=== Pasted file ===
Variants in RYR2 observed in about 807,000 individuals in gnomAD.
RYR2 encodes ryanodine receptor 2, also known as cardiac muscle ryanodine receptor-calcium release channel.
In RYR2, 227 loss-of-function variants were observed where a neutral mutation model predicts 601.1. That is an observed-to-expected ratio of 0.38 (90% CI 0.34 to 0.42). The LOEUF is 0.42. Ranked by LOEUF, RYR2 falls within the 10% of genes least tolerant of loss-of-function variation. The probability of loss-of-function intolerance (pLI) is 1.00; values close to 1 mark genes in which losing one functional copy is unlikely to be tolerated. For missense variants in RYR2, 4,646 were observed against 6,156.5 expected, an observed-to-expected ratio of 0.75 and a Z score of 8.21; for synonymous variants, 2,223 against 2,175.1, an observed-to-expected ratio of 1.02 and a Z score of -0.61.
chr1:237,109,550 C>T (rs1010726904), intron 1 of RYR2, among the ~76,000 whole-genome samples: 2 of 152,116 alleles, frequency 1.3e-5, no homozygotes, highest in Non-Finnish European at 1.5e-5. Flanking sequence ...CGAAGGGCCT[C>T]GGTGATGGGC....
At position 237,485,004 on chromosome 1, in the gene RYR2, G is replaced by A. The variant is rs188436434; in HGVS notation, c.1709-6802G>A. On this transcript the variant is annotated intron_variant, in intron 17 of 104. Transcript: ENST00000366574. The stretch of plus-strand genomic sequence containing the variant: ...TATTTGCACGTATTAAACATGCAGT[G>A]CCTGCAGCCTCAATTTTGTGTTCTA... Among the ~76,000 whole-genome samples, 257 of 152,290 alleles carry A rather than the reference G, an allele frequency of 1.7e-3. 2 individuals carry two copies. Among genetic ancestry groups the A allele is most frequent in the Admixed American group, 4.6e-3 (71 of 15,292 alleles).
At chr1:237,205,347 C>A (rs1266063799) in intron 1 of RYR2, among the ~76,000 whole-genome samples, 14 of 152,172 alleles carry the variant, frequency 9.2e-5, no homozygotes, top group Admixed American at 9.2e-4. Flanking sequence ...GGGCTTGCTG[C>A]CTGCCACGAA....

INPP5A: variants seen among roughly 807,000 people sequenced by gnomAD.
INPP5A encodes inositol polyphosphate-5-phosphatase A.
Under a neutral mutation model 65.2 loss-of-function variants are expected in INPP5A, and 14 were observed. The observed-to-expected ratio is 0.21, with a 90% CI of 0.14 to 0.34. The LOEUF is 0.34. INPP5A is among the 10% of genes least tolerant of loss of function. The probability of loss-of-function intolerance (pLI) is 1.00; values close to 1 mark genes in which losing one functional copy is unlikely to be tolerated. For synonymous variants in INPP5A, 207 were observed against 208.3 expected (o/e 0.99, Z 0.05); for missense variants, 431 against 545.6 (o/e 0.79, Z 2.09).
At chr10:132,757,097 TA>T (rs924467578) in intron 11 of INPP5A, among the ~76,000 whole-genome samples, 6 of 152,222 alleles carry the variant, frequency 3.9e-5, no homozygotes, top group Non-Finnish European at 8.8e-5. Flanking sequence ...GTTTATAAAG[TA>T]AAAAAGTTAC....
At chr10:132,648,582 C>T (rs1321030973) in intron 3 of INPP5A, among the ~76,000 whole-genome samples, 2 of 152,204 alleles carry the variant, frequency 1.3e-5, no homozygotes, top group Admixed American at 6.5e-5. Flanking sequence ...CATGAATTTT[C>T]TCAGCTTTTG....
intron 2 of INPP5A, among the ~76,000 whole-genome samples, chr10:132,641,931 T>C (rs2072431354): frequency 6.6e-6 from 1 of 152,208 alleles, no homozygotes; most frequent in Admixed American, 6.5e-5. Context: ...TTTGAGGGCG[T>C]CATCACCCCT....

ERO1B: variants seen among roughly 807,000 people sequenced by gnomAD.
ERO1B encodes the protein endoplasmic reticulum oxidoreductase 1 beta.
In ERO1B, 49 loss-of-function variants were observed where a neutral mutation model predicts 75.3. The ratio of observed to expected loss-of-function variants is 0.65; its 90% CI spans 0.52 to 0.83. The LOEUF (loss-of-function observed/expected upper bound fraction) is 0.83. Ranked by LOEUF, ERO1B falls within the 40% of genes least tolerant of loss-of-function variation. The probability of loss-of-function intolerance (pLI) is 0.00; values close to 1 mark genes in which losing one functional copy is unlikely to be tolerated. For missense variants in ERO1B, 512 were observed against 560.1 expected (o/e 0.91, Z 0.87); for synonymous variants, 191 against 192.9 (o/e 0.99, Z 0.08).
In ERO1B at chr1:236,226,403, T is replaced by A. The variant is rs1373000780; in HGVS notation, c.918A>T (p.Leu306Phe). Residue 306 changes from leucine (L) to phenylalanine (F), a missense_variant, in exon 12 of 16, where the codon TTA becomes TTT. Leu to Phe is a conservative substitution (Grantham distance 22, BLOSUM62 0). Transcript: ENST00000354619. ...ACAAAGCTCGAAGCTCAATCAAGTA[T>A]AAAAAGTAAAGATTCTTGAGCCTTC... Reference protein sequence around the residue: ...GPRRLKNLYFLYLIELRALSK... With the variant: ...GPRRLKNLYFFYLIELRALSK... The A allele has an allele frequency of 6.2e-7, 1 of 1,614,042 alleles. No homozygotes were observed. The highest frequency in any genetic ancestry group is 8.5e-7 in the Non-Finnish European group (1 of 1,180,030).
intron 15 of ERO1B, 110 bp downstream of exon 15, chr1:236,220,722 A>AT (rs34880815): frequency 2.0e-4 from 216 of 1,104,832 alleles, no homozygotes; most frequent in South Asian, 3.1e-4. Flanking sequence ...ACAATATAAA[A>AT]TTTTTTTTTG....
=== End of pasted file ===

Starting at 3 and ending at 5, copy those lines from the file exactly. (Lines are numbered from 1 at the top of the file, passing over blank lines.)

In RYR2, 227 loss-of-function variants were observed where a neutral mutation model predicts 601.1. That is an observed-to-expected ratio of 0.38 (90% CI 0.34 to 0.42). The LOEUF is 0.42. Ranked by LOEUF, RYR2 falls within the 10% of genes least tolerant of loss-of-function variation. The probability of loss-of-function intolerance (pLI) is 1.00; values close to 1 mark genes in which losing one functional copy is unlikely to be tolerated. For missense variants in RYR2, 4,646 were observed against 6,156.5 expected, an observed-to-expected ratio of 0.75 and a Z score of 8.21; for synonymous variants, 2,223 against 2,175.1, an observed-to-expected ratio of 1.02 and a Z score of -0.61.
chr1:237,109,550 C>T (rs1010726904), intron 1 of RYR2, among the ~76,000 whole-genome samples: 2 of 152,116 alleles, frequency 1.3e-5, no homozygotes, highest in Non-Finnish European at 1.5e-5. Flanking sequence ...CGAAGGGCCT[C>T]GGTGATGGGC....
At position 237,485,004 on chromosome 1, in the gene RYR2, G is replaced by A. The variant is rs188436434; in HGVS notation, c.1709-6802G>A. On this transcript the variant is annotated intron_variant, in intron 17 of 104. Transcript: ENST00000366574. The stretch of plus-strand genomic sequence containing the variant: ...TATTTGCACGTATTAAACATGCAGT[G>A]CCTGCAGCCTCAATTTTGTGTTCTA... Among the ~76,000 whole-genome samples, 257 of 152,290 alleles carry A rather than the reference G, an allele frequency of 1.7e-3. 2 individuals carry two copies. Among genetic ancestry groups the A allele is most frequent in the Admixed American group, 4.6e-3 (71 of 15,292 alleles).